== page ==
Carol Smart raises the point that any claim for a particular right of a minority group will always be followed by subsequent claims by opposing parties. This is evident in the current backlash in Australia against rights for refugees and other subjugated groups who are seen to have benefited by the `political correctness movement'. Smart also identifies the related problem of rights being associated with self-interest. She evidences this claim by discussing radical women's groups in the United Kingdom who have been ostracized for claiming rights. Their claims lost some legitimacy because they were seen as yet another attempt by self-interested radicals to promote their cause. The resulting antagonism makes the development of rights more difficult and can in fact harm the long-term political goals of social movements. She suggests that rights may be replaced with assertions of `needs' in order to avoid the trap of competing rights.
A frequent complaint in the indigenous community is that the UN is too far detached from the everyday struggles of indigenous peoples. Making claims on an international forum such as the Working Group on Indigenous Peoples creates a number of unique problems. Indigenous rights can only be elucidated in the most basic language which some suggest is vague and ineffective. Quite often, the debate can move to the international community at the expense of grassroots domestic action. Furthermore, the UN forum is principally concerned with the elaboration of international standards and is ineffective for the review of domestic developments, considering its low status in the UN hierarchy. Such a limited authority reinforces the view that indigenous rights are peripheral.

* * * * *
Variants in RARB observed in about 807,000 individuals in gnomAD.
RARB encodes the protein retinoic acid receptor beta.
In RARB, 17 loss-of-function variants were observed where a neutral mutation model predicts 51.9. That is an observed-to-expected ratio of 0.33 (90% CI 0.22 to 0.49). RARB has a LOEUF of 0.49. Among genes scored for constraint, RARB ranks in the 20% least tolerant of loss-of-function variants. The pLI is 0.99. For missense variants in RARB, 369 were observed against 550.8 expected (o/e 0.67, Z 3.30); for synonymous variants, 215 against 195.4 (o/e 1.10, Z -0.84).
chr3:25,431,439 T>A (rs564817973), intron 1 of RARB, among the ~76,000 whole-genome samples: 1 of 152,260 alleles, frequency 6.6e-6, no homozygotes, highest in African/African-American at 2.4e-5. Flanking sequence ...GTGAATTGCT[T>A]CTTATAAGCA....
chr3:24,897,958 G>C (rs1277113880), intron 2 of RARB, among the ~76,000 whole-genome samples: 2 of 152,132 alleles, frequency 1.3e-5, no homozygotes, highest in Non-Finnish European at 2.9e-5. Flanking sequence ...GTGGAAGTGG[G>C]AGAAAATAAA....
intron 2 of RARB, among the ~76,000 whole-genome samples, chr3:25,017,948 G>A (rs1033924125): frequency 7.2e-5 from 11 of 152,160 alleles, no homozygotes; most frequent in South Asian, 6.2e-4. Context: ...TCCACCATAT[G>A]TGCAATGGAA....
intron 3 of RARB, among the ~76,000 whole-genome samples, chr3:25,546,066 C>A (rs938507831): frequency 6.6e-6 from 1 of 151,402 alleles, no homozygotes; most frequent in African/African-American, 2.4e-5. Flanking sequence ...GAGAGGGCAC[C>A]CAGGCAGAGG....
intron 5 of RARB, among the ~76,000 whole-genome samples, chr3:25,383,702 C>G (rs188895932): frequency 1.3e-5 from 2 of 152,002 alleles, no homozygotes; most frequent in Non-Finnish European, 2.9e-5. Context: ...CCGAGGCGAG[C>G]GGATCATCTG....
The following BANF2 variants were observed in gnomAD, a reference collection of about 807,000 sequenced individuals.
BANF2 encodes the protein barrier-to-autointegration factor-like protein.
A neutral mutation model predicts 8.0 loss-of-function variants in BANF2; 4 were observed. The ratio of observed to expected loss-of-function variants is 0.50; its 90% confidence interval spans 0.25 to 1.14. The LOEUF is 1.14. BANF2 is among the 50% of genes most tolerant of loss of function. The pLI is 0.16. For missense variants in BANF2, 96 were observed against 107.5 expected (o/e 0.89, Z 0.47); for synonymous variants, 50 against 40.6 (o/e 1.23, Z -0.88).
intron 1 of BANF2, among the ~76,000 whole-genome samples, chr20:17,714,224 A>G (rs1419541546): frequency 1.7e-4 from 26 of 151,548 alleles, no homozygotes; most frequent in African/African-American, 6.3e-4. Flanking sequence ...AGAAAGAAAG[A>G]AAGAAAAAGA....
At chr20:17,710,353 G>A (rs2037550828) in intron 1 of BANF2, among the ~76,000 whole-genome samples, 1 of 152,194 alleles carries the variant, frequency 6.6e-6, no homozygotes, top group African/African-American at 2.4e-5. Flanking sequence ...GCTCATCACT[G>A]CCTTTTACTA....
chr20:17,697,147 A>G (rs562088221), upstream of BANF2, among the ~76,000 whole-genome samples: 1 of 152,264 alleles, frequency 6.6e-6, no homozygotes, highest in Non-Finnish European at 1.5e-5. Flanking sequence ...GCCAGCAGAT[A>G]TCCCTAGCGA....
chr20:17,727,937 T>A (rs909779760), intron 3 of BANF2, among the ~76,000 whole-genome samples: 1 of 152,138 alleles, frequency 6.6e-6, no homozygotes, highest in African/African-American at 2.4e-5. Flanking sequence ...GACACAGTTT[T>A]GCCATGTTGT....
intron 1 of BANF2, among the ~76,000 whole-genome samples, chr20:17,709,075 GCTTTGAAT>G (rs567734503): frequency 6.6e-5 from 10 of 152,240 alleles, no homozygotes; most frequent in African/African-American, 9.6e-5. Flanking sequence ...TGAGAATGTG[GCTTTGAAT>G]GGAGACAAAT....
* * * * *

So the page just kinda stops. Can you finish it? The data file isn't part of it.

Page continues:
... [I]n discarding rights altogether, one discards a symbol too deeply enmeshed in the psyche of the oppressed to lose without trauma and much resistance.75 ... Our objectives have not changed, but our strategies and methods will have to.
The modern movement for the creation of human rights norms is built on the basis of growing international consensus. Emerging from the movement is the notion that rights claims can be a valuable form of politics and a meaningful mechanism for the realisation of progressive social movements. Whilst there is acknowledgement of some of the structural and conceptual flaws implicit in discussion of rights, there is a tendency to highlight the positive effects of rights struggles upon individual consciousness and the mobilization of social movements. A wide range of groups is willing to challenge the hegemony of `rights trashing'. There is nonetheless a body of thinkers who suggest that while rights discourse can be `obfuscatory, individualistic and sometimes disempowering, they can also provide significant foci for resistance'. Alan Hunt has criticised the `pervading ambivalence to rights' exhibited by the left:
the left can and must abandon its ambivalence towards rights, they are a field of engagement between alternative social and political objectives, and are at the same time important sources of mobilization and for securing political advances.